Commentary: Squanto made indelible contributions to the Pilgrims


In the Spring of 1621, after the first harsh winter, where four out of 10 people on the Mayflower had died, the men were building the shelters and Common House of their settlement.

A lone native American approached and, speaking in English, said “Welcome! Have you got any beer?”

Their fear changed into shock, for the colonists couldn’t believe their ears. Here was an indigenous person speaking in plain English!

They invited him to sit down to eat while they asked many questions. He was Samoset, a chief of the Algonquins in Maine. He had learned English from the fishing captains who caught cod up and down the New England coast. He told them that an Indian tribe had lived in the area, and all but one had perished with a mysterious sickness.

The one who had survived was Tisquantum, also known as “Squanto,” who, several years earlier, had been picked up by a seafaring captain and taken to England in the hopes that he would learn English and thus be able as a translator for later explorations along the seaboard. Eventually Squanto was shipped to North Africa to be part of the slave trade, but a local friar rescued him and introduced him to the Christian faith.

He spent about 14 years abroad before he finally made his way back to his old village, just six months before the Pilgrims arrived. He was distraught to discover that he was the only person of his tribe to be alive, so he went to live with a local tribe. Then the Pilgrims arrived at his old village site. The native Americans went to meet them, and soon they were strong friends.

A peace treaty of mutual aid and assistance was made between these two groups. Later it was discovered that this was the only peaceful tribe on the whole coast of New England. And the Pilgrims were a gentle and peaceful people too. Their treaty with the native Americans lasted more than 40 years.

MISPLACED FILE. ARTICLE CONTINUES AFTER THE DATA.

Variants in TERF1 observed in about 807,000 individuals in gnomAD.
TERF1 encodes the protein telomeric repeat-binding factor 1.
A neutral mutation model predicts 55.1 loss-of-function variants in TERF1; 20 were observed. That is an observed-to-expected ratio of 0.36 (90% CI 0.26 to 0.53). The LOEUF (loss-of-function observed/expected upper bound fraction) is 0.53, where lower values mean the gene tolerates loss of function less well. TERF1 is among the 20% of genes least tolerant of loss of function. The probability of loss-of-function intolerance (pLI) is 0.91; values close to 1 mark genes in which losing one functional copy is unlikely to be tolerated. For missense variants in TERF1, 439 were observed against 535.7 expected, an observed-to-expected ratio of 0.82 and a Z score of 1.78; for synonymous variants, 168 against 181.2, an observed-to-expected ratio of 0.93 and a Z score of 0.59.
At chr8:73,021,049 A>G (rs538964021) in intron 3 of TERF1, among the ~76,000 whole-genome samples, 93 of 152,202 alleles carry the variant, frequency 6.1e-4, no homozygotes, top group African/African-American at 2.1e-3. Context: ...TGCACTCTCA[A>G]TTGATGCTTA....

Squanto, it was decided, would stay to help these gentle people. He saw they needed his help, and he felt happy again because he could teach them all about surviving in his old home. He taught them how to survive on the land as his people had.

First, the colonists learned how to squish the eels out of the mud with their bare feet and catch them with their hands. Squanto also knew when the fish would run up the rivers, so the Pilgrims soon had a full harvest of fish.

Then he showed them how to plant corn, the new plant of the New World, in the native way, by planting the kernels in mounds of soil with fish heads as a strong fertilizer. Squanto taught them how to hunt deer, plant pumpkins, refine maple syrup and find the best berries. He also showed them how to get the pelt of the beaver so they could develop a commercial enterprise. These pelts were in great demand in England and were used for making the popular felt hats.

The Pilgrims worked hard. Their community flourished. There was even a wedding!

In the fall they enjoyed a plentiful harvest, so Gov. William Bradford declared a day of public thanksgiving to be held. The neighboring Chief Massasoit Sachem was invited, but he surprised them by bringing another 90 tribe members along with him. The Pilgrims may have felt a twinge of despair to realize their food stores would be greatly reduced, but they were gracious hosts, and the natives brought in fresh meat from the deer and wild turkeys they had hunted.

The native women roasted corn kernels to make popcorn. They all ate the fresh vegetables they had grown: carrots, onions, cucumbers, beets, cabbage. The colonists made berry pies.

Between meals, the Pilgrims and native Americans competed in shooting contests, foot races and wrestling matches. Captain Miles Standish even staged military drills and fired the cannon. Everyone had such a great time that the natives showed no inclination to leave. So the festivities continued for three more days!

What a wonderful way to have a party and to relate to each other. Good feelings remained long afterward, and everyone was thankful for this bountiful harvest of food and friends.

Bradford, the leader of the Pilgrims, wrote of these times in his “History of Plymouth Plantation”: “... so that you might see their worth and not negligently lose what your fathers have obtained with so much hardship.”

Newport Beach resident SHERRY NORD MARRON is a former American studies adjunct professor at Orange Coast College and the University of Connecticut.